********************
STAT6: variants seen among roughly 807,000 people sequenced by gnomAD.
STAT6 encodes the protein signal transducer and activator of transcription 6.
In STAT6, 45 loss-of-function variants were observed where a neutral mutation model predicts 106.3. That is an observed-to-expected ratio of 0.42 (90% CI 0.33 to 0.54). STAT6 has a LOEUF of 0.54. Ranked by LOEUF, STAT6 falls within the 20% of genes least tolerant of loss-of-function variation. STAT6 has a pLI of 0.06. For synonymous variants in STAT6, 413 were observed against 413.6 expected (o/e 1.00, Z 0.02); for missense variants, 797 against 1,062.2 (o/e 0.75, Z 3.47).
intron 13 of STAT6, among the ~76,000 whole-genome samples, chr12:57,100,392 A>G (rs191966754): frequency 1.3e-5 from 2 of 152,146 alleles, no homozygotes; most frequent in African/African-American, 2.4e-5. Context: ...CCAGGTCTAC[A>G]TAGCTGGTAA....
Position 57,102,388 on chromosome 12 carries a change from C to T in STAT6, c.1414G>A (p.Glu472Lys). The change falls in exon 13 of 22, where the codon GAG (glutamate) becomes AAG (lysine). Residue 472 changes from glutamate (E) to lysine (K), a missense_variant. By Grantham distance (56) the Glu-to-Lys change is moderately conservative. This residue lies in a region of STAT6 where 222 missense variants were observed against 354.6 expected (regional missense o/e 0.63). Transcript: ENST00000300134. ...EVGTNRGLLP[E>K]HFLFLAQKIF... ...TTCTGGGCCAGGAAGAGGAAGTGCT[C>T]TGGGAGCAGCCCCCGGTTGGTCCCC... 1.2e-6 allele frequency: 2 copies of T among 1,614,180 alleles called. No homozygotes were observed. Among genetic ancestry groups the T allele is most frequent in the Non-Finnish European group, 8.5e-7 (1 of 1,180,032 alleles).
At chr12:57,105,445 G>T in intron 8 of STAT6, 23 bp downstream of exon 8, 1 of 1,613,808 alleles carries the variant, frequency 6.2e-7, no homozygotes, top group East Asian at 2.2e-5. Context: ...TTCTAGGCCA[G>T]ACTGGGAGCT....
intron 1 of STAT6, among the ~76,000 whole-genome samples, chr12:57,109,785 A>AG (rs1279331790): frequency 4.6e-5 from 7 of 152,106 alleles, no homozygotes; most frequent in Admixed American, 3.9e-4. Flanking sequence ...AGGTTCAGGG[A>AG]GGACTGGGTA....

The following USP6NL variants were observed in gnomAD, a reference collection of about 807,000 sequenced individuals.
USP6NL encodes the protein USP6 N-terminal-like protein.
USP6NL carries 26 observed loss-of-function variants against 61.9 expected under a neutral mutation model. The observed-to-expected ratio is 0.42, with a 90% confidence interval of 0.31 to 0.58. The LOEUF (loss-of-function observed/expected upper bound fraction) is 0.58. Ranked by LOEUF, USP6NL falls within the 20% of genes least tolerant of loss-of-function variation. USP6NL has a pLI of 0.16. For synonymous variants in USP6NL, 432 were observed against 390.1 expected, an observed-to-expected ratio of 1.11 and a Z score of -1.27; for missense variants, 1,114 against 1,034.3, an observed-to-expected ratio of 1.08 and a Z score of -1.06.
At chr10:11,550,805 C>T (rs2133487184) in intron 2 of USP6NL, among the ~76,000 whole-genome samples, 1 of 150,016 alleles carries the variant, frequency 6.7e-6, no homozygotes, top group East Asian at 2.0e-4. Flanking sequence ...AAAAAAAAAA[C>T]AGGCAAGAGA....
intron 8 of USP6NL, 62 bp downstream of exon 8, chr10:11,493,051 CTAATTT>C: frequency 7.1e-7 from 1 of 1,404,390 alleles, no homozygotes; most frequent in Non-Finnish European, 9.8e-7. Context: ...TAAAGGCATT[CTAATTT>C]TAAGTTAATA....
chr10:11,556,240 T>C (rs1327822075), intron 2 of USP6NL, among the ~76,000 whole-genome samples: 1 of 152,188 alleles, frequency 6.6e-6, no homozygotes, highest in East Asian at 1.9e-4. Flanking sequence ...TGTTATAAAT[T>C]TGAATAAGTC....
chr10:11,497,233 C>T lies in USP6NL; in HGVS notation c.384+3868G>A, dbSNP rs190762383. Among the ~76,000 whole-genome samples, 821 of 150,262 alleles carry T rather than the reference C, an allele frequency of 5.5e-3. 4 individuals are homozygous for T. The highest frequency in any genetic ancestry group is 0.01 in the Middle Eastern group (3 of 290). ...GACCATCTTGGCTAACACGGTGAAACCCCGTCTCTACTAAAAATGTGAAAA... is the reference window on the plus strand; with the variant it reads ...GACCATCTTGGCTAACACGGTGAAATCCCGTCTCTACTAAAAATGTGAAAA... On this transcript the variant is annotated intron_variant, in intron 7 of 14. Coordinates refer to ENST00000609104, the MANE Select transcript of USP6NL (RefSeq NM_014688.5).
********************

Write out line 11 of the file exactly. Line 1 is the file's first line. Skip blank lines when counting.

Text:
At chr10:11,550,805 C>T (rs2133487184) in intron 2 of USP6NL, among the ~76,000 whole-genome samples, 1 of 150,016 alleles carries the variant, frequency 6.7e-6, no homozygotes, top group East Asian at 2.0e-4. Flanking sequence ...AAAAAAAAAA[C>T]AGGCAAGAGA....